Custom-salad chain Saladworks celebrated a milestone and a change in direction last week when the company unveiled a new prototype design and branding strategy with its 100th store opening in Mount Laurel, New Jersey, on October 1.
Based on the tagline "Fanatic'ly Fresh," the new store design and branding are meant to emphasize to customers the fact that Saladworks salads are made with fresh ingredients chopped right in the store.
"We wanted to get across to the public that we are fanatics about freshness," says CEO John Scardapane.
The new design features a brighter interior with an emphasis on natural light. Floors are made from bamboo, a renewable resource, and colorful photos of produce adorn the walls. The prototype will be supplemented with new uniforms for crew (now called Fanatics) and an updated web site that follows the new branding scheme.
The decision to upgrade the chain's image was made after the addition of Vernon Hill as chairman of the executive committee this past March. Hill is the founder and former chairman of Commerce Bank (now TD Bank), a New Jersey-based company he helped grow from one location to more than 400 during his tenure.
"We partnered up to take Saladworks to the next level," Scardapane says.
Tapped to head up the re-imaging was InterArch, a New Jersey-based architectural and design firm founded by Hill's wife, Shirley, that also designed locations for Commerce Bank.
Shirley Hill first asked her team to visit Saladworks locations to gauge their initial impressions of the brand. She says most agreed that the food was great but that the experience left something to be desired.
"It lacked the consistency… and detail that a great brand has to have," she says. "Customers didn't know how fresh this food was."
Her team then set about using that freshness as a differentiator. They changed the menuboards, added window boxes planted with fragrant chocolate peppermint, and brought in new display cases to better show off the restaurant's salads.
"Even the salt and pepper shakers were redesigned," she says. "It was a total turnaround of experience."
A new catering system was also developed to help Saladworks grow that part of the business, which currently accounts for about 20 percent of sales, Scardapane says.
"This will enable us to be more efficient at catering and deliver better products to the consumer," he says.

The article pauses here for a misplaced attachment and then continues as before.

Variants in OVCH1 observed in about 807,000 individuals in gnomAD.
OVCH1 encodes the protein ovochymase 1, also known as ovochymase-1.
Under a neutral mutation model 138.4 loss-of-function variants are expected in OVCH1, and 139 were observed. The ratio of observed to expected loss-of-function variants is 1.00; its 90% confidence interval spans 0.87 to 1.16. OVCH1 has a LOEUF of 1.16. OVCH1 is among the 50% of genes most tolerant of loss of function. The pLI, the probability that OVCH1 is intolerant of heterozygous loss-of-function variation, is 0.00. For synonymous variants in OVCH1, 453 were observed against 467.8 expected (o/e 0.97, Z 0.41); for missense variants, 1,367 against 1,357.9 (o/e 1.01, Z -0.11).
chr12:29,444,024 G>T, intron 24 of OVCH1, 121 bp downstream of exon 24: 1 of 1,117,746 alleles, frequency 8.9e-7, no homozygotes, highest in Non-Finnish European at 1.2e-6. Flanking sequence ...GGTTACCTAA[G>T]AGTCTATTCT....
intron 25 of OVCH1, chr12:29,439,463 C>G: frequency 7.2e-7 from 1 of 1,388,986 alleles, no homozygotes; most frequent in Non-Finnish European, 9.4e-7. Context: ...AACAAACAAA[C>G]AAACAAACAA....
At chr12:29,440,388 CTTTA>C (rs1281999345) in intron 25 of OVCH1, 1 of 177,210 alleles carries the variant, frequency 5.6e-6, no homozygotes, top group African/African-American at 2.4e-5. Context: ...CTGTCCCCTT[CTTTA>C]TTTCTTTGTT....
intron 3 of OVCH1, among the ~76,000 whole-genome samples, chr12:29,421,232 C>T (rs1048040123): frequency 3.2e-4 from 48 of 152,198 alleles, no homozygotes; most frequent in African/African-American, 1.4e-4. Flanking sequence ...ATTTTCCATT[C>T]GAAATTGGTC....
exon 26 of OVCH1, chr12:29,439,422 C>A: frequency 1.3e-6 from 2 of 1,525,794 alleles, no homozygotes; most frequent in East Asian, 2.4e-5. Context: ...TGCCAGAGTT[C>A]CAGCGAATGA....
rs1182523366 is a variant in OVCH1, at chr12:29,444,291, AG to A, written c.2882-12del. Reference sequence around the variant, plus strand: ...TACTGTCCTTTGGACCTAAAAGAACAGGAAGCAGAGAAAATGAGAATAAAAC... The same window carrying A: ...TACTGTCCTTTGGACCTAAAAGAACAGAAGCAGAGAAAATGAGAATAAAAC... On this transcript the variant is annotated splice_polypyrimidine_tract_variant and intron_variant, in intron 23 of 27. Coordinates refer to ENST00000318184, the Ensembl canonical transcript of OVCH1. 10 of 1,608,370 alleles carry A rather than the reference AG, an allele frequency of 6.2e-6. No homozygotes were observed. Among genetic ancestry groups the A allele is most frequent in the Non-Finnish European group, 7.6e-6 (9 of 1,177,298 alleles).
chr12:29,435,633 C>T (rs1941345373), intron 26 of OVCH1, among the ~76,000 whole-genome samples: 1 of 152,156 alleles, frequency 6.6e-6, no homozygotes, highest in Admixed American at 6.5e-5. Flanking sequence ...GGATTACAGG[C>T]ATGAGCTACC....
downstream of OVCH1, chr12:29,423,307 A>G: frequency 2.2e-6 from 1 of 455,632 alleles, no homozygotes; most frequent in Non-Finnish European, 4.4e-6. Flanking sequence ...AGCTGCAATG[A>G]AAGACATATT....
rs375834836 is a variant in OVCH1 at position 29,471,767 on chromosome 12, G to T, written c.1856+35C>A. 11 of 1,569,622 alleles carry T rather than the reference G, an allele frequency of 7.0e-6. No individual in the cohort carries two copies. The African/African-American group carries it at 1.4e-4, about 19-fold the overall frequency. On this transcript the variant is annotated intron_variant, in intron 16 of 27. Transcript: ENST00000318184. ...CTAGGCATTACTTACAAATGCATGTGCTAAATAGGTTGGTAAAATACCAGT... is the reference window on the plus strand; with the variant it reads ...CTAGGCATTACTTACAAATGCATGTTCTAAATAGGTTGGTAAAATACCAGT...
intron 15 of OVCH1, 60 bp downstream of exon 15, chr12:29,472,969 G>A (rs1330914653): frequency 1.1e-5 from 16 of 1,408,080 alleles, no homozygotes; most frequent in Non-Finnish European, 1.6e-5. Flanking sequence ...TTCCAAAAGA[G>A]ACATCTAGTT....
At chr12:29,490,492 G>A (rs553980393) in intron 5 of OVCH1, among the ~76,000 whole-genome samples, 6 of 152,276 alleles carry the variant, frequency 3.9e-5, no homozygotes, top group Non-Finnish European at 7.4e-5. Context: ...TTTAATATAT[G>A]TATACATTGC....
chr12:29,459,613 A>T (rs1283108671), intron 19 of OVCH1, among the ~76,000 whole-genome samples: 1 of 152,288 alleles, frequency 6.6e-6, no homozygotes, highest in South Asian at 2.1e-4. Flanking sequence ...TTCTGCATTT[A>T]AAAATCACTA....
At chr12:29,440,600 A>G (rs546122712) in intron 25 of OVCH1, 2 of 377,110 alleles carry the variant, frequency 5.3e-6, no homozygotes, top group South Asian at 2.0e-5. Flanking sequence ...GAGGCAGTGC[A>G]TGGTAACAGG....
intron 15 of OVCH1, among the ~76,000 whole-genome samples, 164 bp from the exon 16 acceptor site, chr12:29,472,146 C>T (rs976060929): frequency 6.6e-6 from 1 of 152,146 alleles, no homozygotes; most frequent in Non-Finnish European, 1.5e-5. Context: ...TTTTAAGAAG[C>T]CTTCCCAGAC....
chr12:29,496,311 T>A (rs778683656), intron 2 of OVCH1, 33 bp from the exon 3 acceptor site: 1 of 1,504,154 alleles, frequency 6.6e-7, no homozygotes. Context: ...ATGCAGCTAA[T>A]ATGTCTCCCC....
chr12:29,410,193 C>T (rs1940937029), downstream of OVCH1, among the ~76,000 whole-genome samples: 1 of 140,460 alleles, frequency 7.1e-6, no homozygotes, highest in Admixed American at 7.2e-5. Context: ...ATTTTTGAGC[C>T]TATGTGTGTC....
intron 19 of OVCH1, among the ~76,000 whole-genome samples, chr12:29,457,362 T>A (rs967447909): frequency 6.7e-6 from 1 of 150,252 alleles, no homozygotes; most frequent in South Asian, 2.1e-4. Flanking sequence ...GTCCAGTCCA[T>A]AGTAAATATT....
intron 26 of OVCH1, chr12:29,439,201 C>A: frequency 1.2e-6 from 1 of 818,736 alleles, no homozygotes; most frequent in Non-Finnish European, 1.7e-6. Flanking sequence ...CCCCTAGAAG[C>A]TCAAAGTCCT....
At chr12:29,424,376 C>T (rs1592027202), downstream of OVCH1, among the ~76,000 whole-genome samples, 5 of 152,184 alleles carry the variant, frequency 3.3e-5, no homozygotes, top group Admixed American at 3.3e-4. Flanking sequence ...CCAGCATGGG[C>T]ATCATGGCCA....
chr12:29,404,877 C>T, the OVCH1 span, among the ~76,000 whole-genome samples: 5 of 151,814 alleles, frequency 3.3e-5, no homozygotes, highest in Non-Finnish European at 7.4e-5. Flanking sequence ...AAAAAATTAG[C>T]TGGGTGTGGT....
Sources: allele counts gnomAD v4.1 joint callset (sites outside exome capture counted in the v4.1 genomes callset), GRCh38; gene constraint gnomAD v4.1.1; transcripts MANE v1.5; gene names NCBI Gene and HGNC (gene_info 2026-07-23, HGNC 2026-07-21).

Saladworks' last re-branding came in 2002, after which President Paul Steck says the chain saw sales jump 20 to 25 percent. With this latest effort, they're hoping to repeat that success.
"Customers become fans of Saladworks and they go out and sell Saladworks for us," Scardapane says. "That's how we see our business increase."
But Michelle Bushey, a partner and creative director with Dallas-based hospitality design and development firm Vision 360, says a 20- to 25-percent sales increase might be a stretch.
"I think that's very aggressive on their part," she says. "If you can bump it anywhere from 10 to 12 percent, you're doing great."
The new branding strategy was introduced to Saladworks franchisees at the chain's annual convention, and Scardapane says reaction was positive. Even so, the chain plans a six-month trial period before making any decisions on how to roll out the new store design, which costs around $600,000 to get up and running from scratch.
Until then, the chain—which even last year had only one non-franchised location, according to research and consulting firm Technomic—will focus on building company-owned units featuring the new prototype in markets including New York City, Long Island, Boston, Connecticut, and Virginia. Those stores are set to open in the first half of 2009.
"With this new design, we're actually changing the business model slightly," Steck says. "We think this will help us build the brand by bringing us closer to the operations of the stores and further cement the relationship between us and our franchisees."